– Menkent (Theta Centauri, Haratan), the third brightest star in Centaurus, is an orange giant (K0IIIb) found 60.9 light years from our solar system with a visual magnitude of +2.06. Its name derives drom the Arabic for “shoulder of the Centaur”. Theta Centauri is around 10.6 times bigger than the Sun, with 60 times its brightness.
Other stars of interest in Centaurus includes the separate binary systems of Muhlifain (Gamma Centauri), Alnair (Zeta Centauri), Ke Kwan (Kappa Centauri); the blue-white giant Epsilon Centauri; the blue-white subgiant Nu Centauri; the blue dwarf Eta Centauri; and the white dwarf BPM 37093.
Notable Deep Sky Objects
– Centaurus A (NGC 5128) is not only the closest radio source to the solar system, it is also the fifth most luminous galaxy in the entire sky with an apparent magnitude of 6.84, despite being located between 10 and 16 million light years away at the centre of the Centaurus A subgroup of the very big Centaurus A/ M83 Group of Galaxies. More than 100 active star forming regions have been identified within the galaxy, with most, if not all, being the result of an ongoing collision with a large spiral galaxy.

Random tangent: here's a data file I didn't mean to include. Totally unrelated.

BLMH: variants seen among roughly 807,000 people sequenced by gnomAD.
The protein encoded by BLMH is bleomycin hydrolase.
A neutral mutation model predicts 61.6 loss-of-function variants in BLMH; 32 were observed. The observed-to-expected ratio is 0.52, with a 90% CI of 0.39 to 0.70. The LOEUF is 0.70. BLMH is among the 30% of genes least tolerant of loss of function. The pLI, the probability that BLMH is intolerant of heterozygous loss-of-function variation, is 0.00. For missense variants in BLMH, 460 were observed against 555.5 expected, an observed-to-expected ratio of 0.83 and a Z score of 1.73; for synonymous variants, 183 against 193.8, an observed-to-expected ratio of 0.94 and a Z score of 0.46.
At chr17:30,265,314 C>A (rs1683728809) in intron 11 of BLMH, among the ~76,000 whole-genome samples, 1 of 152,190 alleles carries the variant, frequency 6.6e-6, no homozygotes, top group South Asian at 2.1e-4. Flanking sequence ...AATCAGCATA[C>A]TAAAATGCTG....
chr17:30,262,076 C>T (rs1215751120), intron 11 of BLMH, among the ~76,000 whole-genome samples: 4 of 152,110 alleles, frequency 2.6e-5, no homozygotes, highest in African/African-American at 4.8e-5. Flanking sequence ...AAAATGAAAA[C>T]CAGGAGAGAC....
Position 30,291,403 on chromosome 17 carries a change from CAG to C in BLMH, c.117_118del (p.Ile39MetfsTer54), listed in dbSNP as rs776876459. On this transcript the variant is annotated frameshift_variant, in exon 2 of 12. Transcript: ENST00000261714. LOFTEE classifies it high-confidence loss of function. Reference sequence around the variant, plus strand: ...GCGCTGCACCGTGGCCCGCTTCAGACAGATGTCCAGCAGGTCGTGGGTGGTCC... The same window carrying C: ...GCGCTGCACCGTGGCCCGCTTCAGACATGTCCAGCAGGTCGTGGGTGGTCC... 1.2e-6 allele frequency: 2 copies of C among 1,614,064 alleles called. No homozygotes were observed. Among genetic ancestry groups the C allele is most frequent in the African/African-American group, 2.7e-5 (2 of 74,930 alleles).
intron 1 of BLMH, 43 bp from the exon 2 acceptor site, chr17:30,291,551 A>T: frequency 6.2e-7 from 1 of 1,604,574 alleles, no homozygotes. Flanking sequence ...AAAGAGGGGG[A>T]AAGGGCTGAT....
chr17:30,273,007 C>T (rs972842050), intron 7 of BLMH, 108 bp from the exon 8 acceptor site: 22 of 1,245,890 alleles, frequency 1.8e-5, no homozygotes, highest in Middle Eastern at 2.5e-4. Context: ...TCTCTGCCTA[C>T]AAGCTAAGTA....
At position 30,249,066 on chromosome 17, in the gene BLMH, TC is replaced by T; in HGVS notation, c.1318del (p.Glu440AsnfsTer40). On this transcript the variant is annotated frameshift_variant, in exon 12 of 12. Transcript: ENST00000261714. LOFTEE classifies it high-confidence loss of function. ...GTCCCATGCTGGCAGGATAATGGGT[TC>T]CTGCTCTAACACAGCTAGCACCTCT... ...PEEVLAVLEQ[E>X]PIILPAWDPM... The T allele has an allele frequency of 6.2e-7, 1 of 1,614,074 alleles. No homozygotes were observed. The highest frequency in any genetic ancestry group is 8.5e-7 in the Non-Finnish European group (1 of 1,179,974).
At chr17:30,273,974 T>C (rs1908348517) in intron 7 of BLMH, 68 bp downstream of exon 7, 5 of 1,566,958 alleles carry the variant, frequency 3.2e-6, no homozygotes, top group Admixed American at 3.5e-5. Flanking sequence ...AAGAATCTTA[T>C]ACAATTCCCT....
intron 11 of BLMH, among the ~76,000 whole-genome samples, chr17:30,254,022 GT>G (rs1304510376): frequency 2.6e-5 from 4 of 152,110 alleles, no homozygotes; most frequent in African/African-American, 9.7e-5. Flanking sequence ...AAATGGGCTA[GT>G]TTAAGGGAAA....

– Omega Centauri (NGC 5139) is located just four degrees to the southward of Centaurus A, and is the largest, and most massive of the globular clusters surrounding the Milky Way. It has an apparent magnitude of 3.7, making it bright enough to be spotted without optical aid, even at a distance of about 15,800 light years. The cluster is estimated to be about 12 billion years old, and while its origin and formation is not certain, it is believed to be the remains of a dwarf galaxy that was tidally stripped by the Milky Way.